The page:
While Zar Amir Ebrahimi shines in the titular role, it is Selina Zahednia as Mona who is the real star. It is a difficult role but the young performer is emotionally intelligent and hits all her marks creating a standout performance. 

Overall, it’s a fine piece of Australian cinema that will tug at your heart strings and open your eyes to an underrepresented community and stories we don’t often pay attention to. 

“Shayda” played as a part of the Centrepiece program at the 2023 Toronto International Film Festival. 

Kuwaiti director Zeyad Alhusaini, US actor Ron Perlman on ‘How I Got There’ 

Kuwaiti director Zeyad Alhusaini, US actor Ron Perlman on ‘How I Got There’ 
Updated 37 min 21 sec ago

Kuwaiti director Zeyad Alhusaini, US actor Ron Perlman on ‘How I Got There’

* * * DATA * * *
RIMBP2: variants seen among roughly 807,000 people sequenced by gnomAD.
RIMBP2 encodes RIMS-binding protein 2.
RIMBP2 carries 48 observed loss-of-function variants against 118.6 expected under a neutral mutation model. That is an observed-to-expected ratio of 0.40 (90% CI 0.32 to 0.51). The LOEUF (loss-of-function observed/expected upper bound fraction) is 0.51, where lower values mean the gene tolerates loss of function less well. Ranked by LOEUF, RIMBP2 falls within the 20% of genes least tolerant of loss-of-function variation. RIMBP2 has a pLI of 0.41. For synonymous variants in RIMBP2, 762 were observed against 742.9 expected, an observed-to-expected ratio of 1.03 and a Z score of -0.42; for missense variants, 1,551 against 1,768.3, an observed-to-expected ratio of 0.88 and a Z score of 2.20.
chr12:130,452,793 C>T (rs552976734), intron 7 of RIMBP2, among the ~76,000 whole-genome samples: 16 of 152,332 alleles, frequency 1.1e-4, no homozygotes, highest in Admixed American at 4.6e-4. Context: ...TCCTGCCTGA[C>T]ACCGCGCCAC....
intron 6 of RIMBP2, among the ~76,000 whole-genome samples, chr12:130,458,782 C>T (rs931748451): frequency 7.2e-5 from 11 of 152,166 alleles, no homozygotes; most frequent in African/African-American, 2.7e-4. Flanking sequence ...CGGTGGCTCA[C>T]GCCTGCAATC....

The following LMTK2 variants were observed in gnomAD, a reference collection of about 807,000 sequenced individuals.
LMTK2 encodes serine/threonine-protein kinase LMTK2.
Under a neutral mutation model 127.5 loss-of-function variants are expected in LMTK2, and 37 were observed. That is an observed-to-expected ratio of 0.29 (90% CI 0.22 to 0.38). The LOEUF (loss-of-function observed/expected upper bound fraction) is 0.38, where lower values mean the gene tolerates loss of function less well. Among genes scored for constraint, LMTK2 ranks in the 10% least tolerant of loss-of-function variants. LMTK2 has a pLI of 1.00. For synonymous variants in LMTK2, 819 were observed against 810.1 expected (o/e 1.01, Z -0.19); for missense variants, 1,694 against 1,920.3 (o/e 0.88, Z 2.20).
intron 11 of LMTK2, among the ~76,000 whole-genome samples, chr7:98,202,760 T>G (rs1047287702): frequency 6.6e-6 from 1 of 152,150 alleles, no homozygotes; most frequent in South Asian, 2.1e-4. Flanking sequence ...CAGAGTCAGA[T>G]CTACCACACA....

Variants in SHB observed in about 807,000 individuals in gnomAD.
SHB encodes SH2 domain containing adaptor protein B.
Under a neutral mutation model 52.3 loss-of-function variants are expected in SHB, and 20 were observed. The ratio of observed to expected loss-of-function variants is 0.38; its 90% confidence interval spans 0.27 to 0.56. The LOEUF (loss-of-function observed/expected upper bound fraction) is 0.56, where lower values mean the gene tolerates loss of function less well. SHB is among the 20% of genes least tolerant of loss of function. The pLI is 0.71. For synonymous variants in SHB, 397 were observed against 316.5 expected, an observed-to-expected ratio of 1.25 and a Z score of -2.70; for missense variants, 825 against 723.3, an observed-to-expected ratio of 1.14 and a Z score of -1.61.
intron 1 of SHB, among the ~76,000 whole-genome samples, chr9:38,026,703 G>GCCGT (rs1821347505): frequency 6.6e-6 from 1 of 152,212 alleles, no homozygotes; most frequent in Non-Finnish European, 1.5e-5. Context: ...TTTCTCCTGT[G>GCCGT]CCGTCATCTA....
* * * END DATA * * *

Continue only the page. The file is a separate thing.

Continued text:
Kuwaiti director Zeyad Alhusaini, US actor Ron Perlman on ‘How I Got There’ 
  • ‘All the best filmmakers break the rules,’ says Zeyad Alhusaini

DUBAI: Great artists make the art they feel is missing from the world. For filmmakers, however, that’s easier said than done. For years, Kuwaiti director Zeyad ‘Zee’ Alhusaini was told that, to succeed, he had to either make a standard Hollywood movie, or another film highlighting Arab misery. He dreamed of something different — a cross-genre epic that merged the spirits of the films and the region he adored. He knew, deep down, that Gulf audiences craved a new path forward just as much as he did.